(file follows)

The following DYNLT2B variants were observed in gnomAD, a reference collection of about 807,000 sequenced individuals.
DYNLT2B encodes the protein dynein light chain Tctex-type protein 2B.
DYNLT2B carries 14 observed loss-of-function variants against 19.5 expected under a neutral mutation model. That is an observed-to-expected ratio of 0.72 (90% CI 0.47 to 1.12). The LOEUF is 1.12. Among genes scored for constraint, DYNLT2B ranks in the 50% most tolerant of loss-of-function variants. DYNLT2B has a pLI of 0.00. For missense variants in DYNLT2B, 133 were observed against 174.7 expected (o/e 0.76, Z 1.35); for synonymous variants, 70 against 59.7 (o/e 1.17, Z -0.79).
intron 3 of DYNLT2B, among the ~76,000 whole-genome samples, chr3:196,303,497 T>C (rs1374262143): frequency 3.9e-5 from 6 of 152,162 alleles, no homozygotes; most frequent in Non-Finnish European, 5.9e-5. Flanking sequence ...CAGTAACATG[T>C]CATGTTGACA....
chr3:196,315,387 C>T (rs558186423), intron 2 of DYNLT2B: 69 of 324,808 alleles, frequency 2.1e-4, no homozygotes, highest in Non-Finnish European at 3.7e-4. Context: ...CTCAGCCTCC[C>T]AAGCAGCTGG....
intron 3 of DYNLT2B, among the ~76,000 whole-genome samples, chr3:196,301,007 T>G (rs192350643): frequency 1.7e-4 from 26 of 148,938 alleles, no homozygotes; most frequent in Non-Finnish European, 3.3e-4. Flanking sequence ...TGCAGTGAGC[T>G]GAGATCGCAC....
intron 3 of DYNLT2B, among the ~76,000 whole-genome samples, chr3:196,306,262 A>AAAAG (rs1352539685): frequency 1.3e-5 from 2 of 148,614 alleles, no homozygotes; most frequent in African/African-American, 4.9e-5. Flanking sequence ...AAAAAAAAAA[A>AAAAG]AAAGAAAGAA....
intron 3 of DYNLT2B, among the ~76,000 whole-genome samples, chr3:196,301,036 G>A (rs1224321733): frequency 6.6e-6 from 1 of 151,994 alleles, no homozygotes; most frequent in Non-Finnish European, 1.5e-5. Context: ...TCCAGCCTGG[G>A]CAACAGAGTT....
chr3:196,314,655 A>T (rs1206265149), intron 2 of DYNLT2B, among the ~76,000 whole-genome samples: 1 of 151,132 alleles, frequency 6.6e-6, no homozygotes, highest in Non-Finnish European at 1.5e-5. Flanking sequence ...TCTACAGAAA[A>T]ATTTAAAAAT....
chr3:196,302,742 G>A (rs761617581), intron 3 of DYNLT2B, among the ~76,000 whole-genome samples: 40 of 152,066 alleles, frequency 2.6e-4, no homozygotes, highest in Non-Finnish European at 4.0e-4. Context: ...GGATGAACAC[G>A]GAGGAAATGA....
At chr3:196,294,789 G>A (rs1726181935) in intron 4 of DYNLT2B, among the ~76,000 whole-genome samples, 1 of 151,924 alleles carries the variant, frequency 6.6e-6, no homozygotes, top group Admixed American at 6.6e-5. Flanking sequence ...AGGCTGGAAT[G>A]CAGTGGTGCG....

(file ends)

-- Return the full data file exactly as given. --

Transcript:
The following DYNLT2B variants were observed in gnomAD, a reference collection of about 807,000 sequenced individuals.
DYNLT2B encodes the protein dynein light chain Tctex-type protein 2B.
DYNLT2B carries 14 observed loss-of-function variants against 19.5 expected under a neutral mutation model. That is an observed-to-expected ratio of 0.72 (90% CI 0.47 to 1.12). The LOEUF is 1.12. Among genes scored for constraint, DYNLT2B ranks in the 50% most tolerant of loss-of-function variants. DYNLT2B has a pLI of 0.00. For missense variants in DYNLT2B, 133 were observed against 174.7 expected (o/e 0.76, Z 1.35); for synonymous variants, 70 against 59.7 (o/e 1.17, Z -0.79).
intron 3 of DYNLT2B, among the ~76,000 whole-genome samples, chr3:196,303,497 T>C (rs1374262143): frequency 3.9e-5 from 6 of 152,162 alleles, no homozygotes; most frequent in Non-Finnish European, 5.9e-5. Flanking sequence ...CAGTAACATG[T>C]CATGTTGACA....
chr3:196,315,387 C>T (rs558186423), intron 2 of DYNLT2B: 69 of 324,808 alleles, frequency 2.1e-4, no homozygotes, highest in Non-Finnish European at 3.7e-4. Context: ...CTCAGCCTCC[C>T]AAGCAGCTGG....
intron 3 of DYNLT2B, among the ~76,000 whole-genome samples, chr3:196,301,007 T>G (rs192350643): frequency 1.7e-4 from 26 of 148,938 alleles, no homozygotes; most frequent in Non-Finnish European, 3.3e-4. Flanking sequence ...TGCAGTGAGC[T>G]GAGATCGCAC....
intron 3 of DYNLT2B, among the ~76,000 whole-genome samples, chr3:196,306,262 A>AAAAG (rs1352539685): frequency 1.3e-5 from 2 of 148,614 alleles, no homozygotes; most frequent in African/African-American, 4.9e-5. Flanking sequence ...AAAAAAAAAA[A>AAAAG]AAAGAAAGAA....
intron 3 of DYNLT2B, among the ~76,000 whole-genome samples, chr3:196,301,036 G>A (rs1224321733): frequency 6.6e-6 from 1 of 151,994 alleles, no homozygotes; most frequent in Non-Finnish European, 1.5e-5. Context: ...TCCAGCCTGG[G>A]CAACAGAGTT....
chr3:196,314,655 A>T (rs1206265149), intron 2 of DYNLT2B, among the ~76,000 whole-genome samples: 1 of 151,132 alleles, frequency 6.6e-6, no homozygotes, highest in Non-Finnish European at 1.5e-5. Flanking sequence ...TCTACAGAAA[A>T]ATTTAAAAAT....
chr3:196,302,742 G>A (rs761617581), intron 3 of DYNLT2B, among the ~76,000 whole-genome samples: 40 of 152,066 alleles, frequency 2.6e-4, no homozygotes, highest in Non-Finnish European at 4.0e-4. Context: ...GGATGAACAC[G>A]GAGGAAATGA....
At chr3:196,294,789 G>A (rs1726181935) in intron 4 of DYNLT2B, among the ~76,000 whole-genome samples, 1 of 151,924 alleles carries the variant, frequency 6.6e-6, no homozygotes, top group Admixed American at 6.6e-5. Flanking sequence ...AGGCTGGAAT[G>A]CAGTGGTGCG....